When I get to the end of a story, I feel flushed with triumph, proud of myself, and ready to show off the story to whomever will read it. I’ll send it off hardly before I’ve checked for spelling errors sometimes; but this is one of the biggest mistakes we can make as writers. It’s also one of the most common. When we get to the end of a story, we think that’s it — the story is done, and so are we. Unfortunately, we couldn’t be more wrong.
The truth of the matter is that unless you’re the type of writer who edits as she goes (and yes, some folks do this), then reaching the end of the story is only the beginning of the struggle. In fact, our stories must go through a narrative of their own — a narrative of revision. I think it’s still essential to print out a hard copy of the story; there’s nothing like seeing the words on the page and being able to attack them with a red pen. It gives us a better sense of what the story needs overall.
In the first pass, you might find yourself making small, incremental changes. It’s perfect, you think. I’ll just fix the spelling, change a few word choices here and there…wait a minute, didn’t he say he was in Poughkeepsie? What’s he doing in this scene?
On that first pass, you might discover some pretty surprising plot holes and large problems. As you try to fix these, it will feel a bit like digging in sand for a little while; fixing problems will only alert you to more problems. The more you fix, the more things seem to be wrong. It’s easy to get overwhelmed at this stage and wonder if you need to start over entirely. But don’t lose hope! This is normal; this is necessary. This is just what the narrative of revision is like.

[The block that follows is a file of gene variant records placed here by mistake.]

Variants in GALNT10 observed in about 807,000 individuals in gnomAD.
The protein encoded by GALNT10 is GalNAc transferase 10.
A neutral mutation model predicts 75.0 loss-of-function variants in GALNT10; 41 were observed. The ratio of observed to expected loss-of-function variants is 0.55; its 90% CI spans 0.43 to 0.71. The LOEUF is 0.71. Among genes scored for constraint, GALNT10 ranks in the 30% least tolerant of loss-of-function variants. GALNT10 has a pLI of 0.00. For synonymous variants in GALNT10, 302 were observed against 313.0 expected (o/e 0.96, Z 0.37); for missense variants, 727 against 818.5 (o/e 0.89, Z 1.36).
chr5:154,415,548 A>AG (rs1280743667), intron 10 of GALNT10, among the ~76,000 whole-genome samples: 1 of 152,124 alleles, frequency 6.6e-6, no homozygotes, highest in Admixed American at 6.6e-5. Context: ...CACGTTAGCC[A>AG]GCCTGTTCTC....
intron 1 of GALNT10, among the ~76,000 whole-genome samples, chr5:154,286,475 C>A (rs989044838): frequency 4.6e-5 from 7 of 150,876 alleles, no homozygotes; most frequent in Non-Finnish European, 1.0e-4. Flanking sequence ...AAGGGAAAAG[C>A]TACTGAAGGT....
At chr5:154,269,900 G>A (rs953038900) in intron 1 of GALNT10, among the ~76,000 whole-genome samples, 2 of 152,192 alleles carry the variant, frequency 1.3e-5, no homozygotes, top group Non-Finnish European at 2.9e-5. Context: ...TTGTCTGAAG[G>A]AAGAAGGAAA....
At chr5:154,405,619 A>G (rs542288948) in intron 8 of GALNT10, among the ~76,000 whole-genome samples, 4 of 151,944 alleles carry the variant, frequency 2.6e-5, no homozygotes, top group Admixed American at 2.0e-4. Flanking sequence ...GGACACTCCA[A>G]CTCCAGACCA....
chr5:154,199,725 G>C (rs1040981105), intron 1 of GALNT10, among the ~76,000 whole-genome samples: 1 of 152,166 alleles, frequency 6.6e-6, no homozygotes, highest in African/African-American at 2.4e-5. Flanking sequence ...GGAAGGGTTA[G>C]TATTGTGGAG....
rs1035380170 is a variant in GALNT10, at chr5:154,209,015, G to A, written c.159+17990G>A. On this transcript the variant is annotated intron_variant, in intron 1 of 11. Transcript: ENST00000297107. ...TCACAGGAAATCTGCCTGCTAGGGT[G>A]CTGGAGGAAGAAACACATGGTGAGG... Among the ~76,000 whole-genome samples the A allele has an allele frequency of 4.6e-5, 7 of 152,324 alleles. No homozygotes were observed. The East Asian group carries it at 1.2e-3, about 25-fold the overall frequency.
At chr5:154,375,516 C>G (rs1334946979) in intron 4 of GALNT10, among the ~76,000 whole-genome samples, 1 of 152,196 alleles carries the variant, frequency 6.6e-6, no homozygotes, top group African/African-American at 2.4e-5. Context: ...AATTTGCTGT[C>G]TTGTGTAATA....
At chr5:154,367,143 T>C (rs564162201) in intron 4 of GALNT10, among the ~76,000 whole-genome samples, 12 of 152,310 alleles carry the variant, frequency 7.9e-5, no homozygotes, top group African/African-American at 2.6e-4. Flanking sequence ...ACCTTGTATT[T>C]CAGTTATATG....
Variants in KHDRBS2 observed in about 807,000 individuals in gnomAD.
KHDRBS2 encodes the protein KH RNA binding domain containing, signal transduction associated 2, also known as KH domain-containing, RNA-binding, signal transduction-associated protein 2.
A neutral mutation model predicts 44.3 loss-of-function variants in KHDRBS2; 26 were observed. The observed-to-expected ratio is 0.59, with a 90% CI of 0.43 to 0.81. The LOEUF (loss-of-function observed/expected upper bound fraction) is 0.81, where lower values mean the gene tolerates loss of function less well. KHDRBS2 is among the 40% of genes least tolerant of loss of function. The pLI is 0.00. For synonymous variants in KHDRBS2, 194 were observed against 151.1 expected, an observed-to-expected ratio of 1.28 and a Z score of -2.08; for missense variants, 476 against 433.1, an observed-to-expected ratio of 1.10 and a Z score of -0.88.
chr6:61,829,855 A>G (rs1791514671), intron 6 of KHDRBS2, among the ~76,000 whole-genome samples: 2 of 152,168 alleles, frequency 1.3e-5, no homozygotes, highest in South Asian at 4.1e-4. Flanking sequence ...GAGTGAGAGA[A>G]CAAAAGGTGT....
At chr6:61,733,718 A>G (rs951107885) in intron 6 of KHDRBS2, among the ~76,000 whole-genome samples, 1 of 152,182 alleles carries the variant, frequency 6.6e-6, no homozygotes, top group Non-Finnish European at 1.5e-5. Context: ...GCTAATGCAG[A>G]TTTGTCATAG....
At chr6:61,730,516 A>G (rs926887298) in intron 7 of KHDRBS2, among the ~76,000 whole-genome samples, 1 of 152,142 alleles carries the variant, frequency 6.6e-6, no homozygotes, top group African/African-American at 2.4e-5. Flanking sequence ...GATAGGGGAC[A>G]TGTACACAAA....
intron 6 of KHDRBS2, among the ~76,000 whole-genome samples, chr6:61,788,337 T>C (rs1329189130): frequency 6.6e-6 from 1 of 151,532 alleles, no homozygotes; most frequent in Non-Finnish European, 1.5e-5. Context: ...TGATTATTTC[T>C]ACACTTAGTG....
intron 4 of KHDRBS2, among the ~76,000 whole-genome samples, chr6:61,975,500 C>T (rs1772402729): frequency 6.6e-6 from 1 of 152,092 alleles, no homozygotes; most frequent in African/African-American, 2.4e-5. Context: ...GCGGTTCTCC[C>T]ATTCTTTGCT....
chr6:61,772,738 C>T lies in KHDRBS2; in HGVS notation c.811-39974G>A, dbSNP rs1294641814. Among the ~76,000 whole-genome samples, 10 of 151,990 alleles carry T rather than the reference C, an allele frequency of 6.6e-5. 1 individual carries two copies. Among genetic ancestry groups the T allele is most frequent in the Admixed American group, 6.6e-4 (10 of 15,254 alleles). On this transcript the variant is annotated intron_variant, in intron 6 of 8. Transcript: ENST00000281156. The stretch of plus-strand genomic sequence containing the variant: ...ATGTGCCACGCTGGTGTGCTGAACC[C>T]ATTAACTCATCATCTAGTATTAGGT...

At this point, try to step away. Take a breather. Don’t panic. Just get a little distance on the story. Try to put it in a drawer for a day or a week or a month. Go outside and get some fresh air, for goodness’ sakes, or start an entirely new story so you can still have some joy in creation. Then, when you’re calm and ready, look back at the story needing revision. There will still be some problems, but at this stage you’ll be surprised by how much is actually good. That page doesn’t need to go after all; it’s not all bad. There’s stuff to work with here. And now it’s time to make that good stuff shine.
Work hard. Improve the language on every line. Clarify and simplify. Make the characters’ motivations clear and believable; make the stakes evident. Build us toward a climax. Avoid vague pronouncements. Show much more than you tell. Of course, visit Writerly Life’s many guides to revision. And then, read it over again. You’ll be amazed at how your story has blossomed and grown, and become the excellent piece you first hoped for when you laid that first tentative sentence down on the page. But it won’t reach that wonderful point unless you give it the time and the work it needs.